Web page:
Friday, October 31, 2008

a minor self-censorship

I do mostly Internet based programming for a living. Some Windows console stuff, but mostly web pages and Internet based programming. At least, I was until about a month ago--when I got laid off from my last job. Or had the contract terminated (it was a contractor job). Or however you want to put it. Probably since the economy is a bit slow, new opportunities for employment have been few and far between.

Anyway, enough whining. I decided it would be good for both my moral and skill set to learn PHP and MySql and set up a website that I can show to show potential employers. Though I do mostly C# and .Net on the job, these are just too expensive for me to do on my own. Anyway, if you can program with one language, you can pick up others. It's the general programming skill that counts most.

I am also doing it so that I can show off some of my writing skills by blogging. Yes, I have this blog, but there is a problem. There are a few things on this blog that could irritate, isolate, and offend potential employers. That is, I write a lot about atheism. It's just better to leave the opinions about religion out of the job interview. It sucks, but I guess that's the way it is for now. For this reason I am not going to link to this blog from my 'professional' web site, nor will I link to there from here.

I even wonder a bit about the potential fallout of the recent article in the Courier-Journal about atheists that mentions me by name (Mikayla Starstuff is a pseudonym of course.) A Google search on my name brings that article up, often as the top result. I just can't help but wonder what the effects of that could be on my life--things that I will never know about for sure.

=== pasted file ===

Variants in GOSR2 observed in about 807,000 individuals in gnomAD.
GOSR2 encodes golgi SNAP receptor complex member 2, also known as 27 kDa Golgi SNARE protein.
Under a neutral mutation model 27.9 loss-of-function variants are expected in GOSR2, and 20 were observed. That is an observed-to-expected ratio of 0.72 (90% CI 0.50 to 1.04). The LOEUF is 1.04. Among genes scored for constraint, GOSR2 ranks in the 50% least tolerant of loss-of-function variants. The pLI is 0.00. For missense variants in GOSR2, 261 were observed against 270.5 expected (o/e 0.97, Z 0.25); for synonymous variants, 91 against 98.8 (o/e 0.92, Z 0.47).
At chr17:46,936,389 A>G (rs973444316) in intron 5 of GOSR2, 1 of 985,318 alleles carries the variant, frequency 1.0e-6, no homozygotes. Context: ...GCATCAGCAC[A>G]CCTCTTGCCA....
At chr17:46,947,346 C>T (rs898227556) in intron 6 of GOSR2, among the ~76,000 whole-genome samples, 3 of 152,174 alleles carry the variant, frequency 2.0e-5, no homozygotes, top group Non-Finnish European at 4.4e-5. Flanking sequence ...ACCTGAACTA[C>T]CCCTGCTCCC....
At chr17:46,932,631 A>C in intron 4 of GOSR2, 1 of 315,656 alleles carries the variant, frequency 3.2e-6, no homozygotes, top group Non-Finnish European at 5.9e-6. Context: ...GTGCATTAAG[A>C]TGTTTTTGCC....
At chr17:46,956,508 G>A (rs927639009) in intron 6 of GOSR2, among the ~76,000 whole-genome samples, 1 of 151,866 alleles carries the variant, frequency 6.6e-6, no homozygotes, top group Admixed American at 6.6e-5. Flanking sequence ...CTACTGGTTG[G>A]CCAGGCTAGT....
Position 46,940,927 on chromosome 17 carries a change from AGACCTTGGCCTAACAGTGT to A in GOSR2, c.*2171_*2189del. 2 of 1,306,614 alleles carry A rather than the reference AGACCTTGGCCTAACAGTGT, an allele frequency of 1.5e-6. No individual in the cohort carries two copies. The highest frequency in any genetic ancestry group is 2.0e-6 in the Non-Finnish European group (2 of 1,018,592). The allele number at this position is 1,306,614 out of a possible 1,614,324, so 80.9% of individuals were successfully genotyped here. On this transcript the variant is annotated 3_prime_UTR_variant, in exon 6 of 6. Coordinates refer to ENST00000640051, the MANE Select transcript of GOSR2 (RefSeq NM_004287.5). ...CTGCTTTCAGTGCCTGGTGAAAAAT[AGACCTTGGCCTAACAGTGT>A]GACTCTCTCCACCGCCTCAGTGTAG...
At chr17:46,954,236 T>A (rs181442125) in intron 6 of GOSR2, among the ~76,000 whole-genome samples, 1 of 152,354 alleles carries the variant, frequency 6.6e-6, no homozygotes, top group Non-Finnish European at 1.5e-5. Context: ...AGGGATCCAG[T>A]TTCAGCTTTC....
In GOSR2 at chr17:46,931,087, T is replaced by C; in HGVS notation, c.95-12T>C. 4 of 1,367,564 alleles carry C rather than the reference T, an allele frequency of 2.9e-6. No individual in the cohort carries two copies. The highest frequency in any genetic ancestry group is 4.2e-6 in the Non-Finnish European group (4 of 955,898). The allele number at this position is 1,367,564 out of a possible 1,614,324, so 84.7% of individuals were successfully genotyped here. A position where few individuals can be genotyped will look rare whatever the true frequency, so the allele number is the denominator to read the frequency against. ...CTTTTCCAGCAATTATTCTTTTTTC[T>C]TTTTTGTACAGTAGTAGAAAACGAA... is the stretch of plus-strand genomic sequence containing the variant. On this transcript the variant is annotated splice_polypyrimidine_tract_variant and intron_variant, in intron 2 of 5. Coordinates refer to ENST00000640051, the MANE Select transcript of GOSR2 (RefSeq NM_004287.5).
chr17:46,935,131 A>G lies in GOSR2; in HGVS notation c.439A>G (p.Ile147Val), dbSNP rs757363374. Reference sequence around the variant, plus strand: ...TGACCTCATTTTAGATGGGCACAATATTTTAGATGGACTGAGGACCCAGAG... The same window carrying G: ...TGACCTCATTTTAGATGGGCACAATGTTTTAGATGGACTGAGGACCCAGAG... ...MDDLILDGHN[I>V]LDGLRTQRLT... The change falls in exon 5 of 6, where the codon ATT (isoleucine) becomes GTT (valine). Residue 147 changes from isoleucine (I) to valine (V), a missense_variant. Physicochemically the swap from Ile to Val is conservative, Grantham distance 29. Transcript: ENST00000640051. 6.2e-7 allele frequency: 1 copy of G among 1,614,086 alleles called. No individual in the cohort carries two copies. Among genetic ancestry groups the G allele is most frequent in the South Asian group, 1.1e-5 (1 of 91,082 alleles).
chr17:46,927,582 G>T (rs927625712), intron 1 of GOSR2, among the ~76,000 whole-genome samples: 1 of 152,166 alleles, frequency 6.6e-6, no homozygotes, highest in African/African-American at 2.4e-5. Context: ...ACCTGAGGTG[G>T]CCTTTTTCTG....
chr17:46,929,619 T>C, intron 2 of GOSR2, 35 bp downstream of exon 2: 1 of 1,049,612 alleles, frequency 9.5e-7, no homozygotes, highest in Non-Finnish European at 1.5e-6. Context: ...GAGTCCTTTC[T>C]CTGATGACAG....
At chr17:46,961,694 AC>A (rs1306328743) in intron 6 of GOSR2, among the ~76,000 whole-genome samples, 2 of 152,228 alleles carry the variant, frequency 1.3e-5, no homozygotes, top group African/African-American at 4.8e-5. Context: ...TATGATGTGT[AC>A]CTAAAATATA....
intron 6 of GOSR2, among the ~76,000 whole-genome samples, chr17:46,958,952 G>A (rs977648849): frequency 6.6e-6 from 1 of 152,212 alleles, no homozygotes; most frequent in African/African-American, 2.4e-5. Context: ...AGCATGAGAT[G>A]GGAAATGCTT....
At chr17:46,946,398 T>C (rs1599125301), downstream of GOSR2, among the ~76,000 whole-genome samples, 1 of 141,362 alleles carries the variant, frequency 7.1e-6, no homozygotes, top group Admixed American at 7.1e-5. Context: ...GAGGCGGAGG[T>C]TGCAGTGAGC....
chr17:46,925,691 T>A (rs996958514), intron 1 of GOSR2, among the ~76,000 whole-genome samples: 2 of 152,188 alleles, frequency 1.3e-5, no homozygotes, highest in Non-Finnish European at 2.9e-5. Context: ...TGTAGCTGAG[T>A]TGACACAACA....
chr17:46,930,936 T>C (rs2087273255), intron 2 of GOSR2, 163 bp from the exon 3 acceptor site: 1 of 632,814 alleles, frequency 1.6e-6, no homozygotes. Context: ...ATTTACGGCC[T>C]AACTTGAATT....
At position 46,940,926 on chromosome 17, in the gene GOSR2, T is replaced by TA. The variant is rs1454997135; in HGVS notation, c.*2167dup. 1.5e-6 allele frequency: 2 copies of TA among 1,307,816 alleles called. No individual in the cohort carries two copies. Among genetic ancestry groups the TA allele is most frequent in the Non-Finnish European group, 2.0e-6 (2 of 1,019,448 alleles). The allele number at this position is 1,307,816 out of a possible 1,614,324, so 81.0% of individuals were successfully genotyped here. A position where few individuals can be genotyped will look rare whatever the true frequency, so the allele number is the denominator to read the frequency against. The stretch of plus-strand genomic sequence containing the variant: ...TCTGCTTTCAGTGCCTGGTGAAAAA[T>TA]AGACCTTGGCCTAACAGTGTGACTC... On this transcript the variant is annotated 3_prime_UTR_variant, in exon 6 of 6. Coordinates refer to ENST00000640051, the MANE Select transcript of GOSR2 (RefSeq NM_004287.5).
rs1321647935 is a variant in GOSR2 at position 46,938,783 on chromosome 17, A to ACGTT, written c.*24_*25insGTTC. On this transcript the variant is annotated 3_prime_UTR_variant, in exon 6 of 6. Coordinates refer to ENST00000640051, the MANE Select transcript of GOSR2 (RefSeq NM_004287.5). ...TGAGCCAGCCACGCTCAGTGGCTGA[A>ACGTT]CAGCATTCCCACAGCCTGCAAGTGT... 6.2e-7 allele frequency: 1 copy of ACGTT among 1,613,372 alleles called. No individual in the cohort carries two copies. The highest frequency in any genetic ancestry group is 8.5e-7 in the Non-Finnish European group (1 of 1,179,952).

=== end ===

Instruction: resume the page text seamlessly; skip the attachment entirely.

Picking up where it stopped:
Sunday, October 19, 2008

The Reason-Driven Life

I'm currently reading Robert's Price "The Reason-Driven Life". It is intended as a point by point response to Rick Warren's "The Purpose-Driven Life", which is a huge hit in the evangelical community and a book I have seen on the coffee tables of some of my relatives. If it had been written several years earlier, it would likely have been on my own coffee table. Anyway, I haven't read Warren's book, and I don't intend to.

That being said, you don't have to read 'The Purpose-Driven Life' to understand and appreciate 'The Reason-Driven Life'. That is, not if you were raised in just that sort of mainstream Evangelical atmosphere that eats up the words of people like Rick Warren. Unlike most other books written by non-believers critical of Christianity, this one specifically addresses the issues of the mainstream Evangelical Christian beliefs.

Some of the things I had issue with that Price addresses directly include:

  • The assumed virtue of narrow-mindedness in religious matters, since any thoughts or information that leads to 'doubt' could send one on the path to non-belief.

  • The notion of being 'in the center of God's will', as if you could read the mind of God.

  • The problem of evil, and the ways Evangelicals try to get God off the hook.

  • 'Let go and let God' as an abdication of one's one responsibilities and avoidance of those things that will come back and bite you eventually.

  • The idea that this life is just preparation for the afterlife and the ultimate 'final exam', where if you get some of the important questions wrong (such as: Who was Jesus?) you fail and will be sent to Hell.

  • The horrible justifications of Hell by Evangelicals, such as 'God doesn't send anyone to hell, they choose to go there!'

  • The short-circuiting of reason in favor of faith.

Robert Price brings both his experience as a formal fundamentalist and his long-time in-depth study of the Bible to bear on these questions and many more. This is a book I wish I would have gotten my hands on when I was just on my way out of Evangelical Christianity--it would have made the transition so much smoother. Reading this book brought back loads of memories of my own experiences of Christianity. The whole spiel about "It's not about me!" and "Let go and let God." I greatly recommend this book to anyone who has been raised in Evangelical Christianity.